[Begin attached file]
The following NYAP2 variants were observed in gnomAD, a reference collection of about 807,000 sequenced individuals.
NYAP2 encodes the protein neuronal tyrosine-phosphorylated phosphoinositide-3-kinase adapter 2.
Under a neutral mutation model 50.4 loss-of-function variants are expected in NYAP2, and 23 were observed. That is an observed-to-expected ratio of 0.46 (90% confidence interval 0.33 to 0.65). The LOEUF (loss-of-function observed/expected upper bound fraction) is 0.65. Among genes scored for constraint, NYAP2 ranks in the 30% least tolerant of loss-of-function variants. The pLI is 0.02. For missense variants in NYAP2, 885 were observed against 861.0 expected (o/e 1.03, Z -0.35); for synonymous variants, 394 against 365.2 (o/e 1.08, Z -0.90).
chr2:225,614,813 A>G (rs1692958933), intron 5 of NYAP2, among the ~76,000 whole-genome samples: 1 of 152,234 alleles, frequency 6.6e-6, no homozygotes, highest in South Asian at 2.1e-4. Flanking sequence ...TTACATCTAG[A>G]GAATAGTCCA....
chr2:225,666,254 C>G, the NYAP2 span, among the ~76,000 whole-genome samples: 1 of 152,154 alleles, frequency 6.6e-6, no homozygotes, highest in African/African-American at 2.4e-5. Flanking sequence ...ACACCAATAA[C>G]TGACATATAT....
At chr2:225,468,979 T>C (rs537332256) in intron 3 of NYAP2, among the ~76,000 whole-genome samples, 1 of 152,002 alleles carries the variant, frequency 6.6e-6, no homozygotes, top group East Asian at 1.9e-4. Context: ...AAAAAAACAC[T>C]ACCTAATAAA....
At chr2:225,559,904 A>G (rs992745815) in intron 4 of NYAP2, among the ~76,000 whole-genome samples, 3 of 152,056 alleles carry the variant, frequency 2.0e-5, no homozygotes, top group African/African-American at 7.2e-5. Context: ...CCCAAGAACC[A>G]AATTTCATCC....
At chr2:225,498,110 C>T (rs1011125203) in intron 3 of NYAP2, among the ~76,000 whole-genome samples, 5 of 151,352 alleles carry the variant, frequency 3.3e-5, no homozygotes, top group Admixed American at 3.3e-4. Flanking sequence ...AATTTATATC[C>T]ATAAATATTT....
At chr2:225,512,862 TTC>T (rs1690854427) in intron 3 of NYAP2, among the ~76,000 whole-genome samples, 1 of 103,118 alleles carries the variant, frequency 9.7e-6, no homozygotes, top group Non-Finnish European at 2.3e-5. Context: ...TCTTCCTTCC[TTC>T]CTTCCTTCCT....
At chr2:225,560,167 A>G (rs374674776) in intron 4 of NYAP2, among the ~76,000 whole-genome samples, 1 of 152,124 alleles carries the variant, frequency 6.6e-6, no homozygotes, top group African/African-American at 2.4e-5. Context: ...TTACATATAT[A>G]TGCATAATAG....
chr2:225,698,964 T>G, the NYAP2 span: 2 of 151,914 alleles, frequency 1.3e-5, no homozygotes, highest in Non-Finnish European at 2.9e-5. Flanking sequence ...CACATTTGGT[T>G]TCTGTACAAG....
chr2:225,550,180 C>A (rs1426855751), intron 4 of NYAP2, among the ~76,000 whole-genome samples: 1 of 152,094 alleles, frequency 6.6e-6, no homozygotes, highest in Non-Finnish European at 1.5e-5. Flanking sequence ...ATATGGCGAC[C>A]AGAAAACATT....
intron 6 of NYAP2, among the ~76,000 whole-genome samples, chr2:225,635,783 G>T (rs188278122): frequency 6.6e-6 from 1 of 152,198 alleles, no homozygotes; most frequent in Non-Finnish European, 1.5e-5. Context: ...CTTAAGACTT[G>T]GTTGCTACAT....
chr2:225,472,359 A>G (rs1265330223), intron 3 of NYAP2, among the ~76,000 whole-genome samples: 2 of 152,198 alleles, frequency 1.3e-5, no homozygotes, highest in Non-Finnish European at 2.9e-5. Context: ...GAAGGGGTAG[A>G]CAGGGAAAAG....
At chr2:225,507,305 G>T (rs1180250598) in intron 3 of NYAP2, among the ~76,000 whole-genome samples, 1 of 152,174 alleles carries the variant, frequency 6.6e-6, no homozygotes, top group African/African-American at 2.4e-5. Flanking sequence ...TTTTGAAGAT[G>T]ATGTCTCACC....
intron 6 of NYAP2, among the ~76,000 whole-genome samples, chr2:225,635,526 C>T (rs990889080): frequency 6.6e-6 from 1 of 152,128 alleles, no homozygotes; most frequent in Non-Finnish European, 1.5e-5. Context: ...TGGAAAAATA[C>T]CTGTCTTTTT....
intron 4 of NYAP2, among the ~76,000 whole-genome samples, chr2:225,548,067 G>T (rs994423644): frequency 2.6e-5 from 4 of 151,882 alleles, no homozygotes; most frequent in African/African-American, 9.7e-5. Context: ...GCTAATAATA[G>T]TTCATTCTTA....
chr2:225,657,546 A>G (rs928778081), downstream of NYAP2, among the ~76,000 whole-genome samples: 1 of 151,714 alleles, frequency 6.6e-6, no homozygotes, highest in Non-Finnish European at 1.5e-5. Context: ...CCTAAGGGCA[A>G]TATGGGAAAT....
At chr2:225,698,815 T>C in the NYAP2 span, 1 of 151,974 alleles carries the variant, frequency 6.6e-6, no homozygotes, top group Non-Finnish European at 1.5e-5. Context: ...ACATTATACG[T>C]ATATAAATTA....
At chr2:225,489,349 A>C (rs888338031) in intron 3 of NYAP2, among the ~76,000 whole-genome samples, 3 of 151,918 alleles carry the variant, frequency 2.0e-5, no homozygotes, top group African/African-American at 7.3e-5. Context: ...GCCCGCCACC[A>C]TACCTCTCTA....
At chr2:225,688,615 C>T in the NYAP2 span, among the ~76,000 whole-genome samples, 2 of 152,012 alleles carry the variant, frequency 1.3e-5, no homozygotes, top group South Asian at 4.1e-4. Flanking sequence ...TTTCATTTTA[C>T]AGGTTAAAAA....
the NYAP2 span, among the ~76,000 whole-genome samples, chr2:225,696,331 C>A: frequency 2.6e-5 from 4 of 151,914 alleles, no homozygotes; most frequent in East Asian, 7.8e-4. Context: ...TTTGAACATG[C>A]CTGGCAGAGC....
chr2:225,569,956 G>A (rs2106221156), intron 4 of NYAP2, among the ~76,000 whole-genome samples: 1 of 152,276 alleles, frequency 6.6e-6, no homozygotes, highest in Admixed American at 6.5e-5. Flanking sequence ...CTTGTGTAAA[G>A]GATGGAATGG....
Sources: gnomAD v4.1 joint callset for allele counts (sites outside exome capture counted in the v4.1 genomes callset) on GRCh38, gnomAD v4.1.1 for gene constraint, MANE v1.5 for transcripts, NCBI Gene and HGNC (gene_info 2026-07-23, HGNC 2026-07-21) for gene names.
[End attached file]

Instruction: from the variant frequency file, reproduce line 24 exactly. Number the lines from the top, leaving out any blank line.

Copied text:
Sources: gnomAD v4.1 joint callset for allele counts (sites outside exome capture counted in the v4.1 genomes callset) on GRCh38, gnomAD v4.1.1 for gene constraint, MANE v1.5 for transcripts, NCBI Gene and HGNC (gene_info 2026-07-23, HGNC 2026-07-21) for gene names.